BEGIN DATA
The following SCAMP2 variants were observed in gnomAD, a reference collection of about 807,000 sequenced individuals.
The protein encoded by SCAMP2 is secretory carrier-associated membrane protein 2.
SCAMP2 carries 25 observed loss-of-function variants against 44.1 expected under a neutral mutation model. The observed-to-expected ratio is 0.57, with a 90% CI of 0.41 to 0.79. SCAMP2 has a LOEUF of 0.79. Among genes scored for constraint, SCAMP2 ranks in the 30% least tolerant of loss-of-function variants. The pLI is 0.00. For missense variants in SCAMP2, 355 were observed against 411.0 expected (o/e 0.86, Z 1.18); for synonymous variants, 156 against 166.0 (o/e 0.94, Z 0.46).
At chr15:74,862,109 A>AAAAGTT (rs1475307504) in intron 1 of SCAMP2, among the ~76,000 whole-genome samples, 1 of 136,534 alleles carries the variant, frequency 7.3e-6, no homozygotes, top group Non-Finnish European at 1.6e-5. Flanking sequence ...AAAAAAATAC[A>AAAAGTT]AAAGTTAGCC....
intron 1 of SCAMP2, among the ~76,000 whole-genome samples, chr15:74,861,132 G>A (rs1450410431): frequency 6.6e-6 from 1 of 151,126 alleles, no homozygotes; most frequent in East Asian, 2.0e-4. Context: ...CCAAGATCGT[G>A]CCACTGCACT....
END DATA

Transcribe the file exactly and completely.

The following SCAMP2 variants were observed in gnomAD, a reference collection of about 807,000 sequenced individuals.
The protein encoded by SCAMP2 is secretory carrier-associated membrane protein 2.
SCAMP2 carries 25 observed loss-of-function variants against 44.1 expected under a neutral mutation model. The observed-to-expected ratio is 0.57, with a 90% CI of 0.41 to 0.79. SCAMP2 has a LOEUF of 0.79. Among genes scored for constraint, SCAMP2 ranks in the 30% least tolerant of loss-of-function variants. The pLI is 0.00. For missense variants in SCAMP2, 355 were observed against 411.0 expected (o/e 0.86, Z 1.18); for synonymous variants, 156 against 166.0 (o/e 0.94, Z 0.46).
At chr15:74,862,109 A>AAAAGTT (rs1475307504) in intron 1 of SCAMP2, among the ~76,000 whole-genome samples, 1 of 136,534 alleles carries the variant, frequency 7.3e-6, no homozygotes, top group Non-Finnish European at 1.6e-5. Flanking sequence ...AAAAAAATAC[A>AAAAGTT]AAAGTTAGCC....
intron 1 of SCAMP2, among the ~76,000 whole-genome samples, chr15:74,861,132 G>A (rs1450410431): frequency 6.6e-6 from 1 of 151,126 alleles, no homozygotes; most frequent in East Asian, 2.0e-4. Context: ...CCAAGATCGT[G>A]CCACTGCACT....